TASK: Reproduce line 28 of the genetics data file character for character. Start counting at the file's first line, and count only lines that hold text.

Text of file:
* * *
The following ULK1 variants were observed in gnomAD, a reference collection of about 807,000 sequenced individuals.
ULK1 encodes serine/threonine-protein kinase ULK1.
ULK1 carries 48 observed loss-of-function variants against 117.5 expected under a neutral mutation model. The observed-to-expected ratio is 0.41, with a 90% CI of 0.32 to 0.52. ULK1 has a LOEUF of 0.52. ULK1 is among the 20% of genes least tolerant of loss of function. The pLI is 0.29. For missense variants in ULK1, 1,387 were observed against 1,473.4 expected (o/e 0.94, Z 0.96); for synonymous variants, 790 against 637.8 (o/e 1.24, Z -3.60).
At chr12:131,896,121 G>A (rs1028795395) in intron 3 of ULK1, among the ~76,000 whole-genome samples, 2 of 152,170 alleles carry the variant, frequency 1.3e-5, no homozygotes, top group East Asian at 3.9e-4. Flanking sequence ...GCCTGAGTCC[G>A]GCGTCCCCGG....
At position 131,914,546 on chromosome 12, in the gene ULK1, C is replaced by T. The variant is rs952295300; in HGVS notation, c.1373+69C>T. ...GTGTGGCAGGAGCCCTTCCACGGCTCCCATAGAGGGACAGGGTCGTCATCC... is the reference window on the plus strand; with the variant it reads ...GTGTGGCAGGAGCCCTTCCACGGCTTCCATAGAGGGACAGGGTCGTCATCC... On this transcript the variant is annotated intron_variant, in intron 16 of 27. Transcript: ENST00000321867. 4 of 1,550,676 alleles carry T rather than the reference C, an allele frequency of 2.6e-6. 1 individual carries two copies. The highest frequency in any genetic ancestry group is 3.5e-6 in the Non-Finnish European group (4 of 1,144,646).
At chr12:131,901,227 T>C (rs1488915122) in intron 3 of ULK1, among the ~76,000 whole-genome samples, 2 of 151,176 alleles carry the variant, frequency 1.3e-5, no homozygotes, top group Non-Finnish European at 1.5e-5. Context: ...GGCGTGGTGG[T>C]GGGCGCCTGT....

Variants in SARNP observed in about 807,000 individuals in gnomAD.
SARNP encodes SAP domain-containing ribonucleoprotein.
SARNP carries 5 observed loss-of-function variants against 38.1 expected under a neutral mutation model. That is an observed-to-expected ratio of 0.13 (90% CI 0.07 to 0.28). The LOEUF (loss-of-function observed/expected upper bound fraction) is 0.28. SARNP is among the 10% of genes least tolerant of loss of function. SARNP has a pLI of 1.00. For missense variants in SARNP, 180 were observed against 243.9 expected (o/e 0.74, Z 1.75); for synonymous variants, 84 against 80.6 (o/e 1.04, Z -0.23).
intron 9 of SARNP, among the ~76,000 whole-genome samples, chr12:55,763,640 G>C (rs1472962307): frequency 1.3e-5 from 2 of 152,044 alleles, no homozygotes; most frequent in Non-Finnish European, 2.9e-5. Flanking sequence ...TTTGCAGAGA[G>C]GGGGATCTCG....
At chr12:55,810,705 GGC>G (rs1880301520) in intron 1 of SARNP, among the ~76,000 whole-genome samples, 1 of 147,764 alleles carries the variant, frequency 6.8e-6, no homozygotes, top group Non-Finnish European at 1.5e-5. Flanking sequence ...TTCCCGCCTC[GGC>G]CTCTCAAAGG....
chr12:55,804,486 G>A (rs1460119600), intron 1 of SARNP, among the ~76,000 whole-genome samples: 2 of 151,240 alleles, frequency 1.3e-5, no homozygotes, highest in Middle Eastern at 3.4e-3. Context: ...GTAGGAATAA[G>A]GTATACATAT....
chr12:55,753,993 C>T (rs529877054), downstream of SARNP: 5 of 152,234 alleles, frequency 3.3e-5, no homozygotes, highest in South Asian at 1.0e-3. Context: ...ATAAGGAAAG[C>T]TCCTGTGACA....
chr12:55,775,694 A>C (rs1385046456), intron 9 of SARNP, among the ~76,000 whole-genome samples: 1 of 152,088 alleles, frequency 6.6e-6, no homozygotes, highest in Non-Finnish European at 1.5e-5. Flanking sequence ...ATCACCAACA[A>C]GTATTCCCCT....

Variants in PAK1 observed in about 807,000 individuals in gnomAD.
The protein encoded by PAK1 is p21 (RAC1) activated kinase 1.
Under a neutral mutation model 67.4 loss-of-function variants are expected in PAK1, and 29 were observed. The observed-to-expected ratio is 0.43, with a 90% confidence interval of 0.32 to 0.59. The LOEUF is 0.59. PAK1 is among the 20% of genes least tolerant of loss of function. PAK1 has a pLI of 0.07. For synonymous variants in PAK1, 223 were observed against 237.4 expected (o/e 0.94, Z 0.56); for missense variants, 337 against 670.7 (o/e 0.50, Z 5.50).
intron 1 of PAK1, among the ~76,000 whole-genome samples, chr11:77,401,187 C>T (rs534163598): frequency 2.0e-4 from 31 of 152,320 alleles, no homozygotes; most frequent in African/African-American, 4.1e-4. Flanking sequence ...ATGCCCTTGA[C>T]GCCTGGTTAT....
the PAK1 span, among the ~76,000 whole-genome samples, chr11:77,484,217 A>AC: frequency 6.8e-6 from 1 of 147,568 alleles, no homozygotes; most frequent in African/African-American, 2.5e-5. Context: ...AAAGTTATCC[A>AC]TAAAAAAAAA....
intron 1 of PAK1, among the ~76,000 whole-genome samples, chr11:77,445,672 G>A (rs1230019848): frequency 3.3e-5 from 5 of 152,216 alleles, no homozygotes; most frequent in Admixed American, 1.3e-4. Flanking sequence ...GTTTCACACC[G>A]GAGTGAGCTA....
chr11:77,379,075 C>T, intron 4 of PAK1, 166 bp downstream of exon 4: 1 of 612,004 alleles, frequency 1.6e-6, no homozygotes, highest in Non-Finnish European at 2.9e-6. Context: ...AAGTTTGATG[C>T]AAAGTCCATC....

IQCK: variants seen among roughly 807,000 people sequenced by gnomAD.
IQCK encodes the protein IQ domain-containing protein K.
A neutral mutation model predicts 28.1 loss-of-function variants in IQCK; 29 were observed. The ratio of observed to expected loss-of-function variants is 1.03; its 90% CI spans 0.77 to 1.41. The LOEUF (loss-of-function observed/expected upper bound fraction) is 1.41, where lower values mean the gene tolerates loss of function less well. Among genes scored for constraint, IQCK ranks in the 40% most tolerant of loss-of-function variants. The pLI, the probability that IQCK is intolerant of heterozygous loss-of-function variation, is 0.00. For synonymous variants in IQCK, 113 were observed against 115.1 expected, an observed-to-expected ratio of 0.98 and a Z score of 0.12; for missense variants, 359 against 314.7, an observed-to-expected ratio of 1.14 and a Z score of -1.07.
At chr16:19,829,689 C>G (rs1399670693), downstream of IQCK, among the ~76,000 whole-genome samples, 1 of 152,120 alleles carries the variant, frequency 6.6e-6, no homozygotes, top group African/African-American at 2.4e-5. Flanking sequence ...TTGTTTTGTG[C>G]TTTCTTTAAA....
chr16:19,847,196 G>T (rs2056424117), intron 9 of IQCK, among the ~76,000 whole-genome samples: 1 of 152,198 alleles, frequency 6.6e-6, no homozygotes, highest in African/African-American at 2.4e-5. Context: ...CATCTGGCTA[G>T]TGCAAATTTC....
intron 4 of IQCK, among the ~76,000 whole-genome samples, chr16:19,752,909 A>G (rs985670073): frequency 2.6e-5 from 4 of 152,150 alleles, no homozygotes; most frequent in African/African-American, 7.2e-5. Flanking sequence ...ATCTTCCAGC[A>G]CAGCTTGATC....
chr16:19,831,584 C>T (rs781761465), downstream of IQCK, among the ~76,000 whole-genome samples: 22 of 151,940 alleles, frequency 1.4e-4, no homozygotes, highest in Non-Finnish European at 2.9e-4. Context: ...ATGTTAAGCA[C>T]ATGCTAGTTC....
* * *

chr16:19,831,584 C>T (rs781761465), downstream of IQCK, among the ~76,000 whole-genome samples: 22 of 151,940 alleles, frequency 1.4e-4, no homozygotes, highest in Non-Finnish European at 2.9e-4. Context: ...ATGTTAAGCA[C>T]ATGCTAGTTC....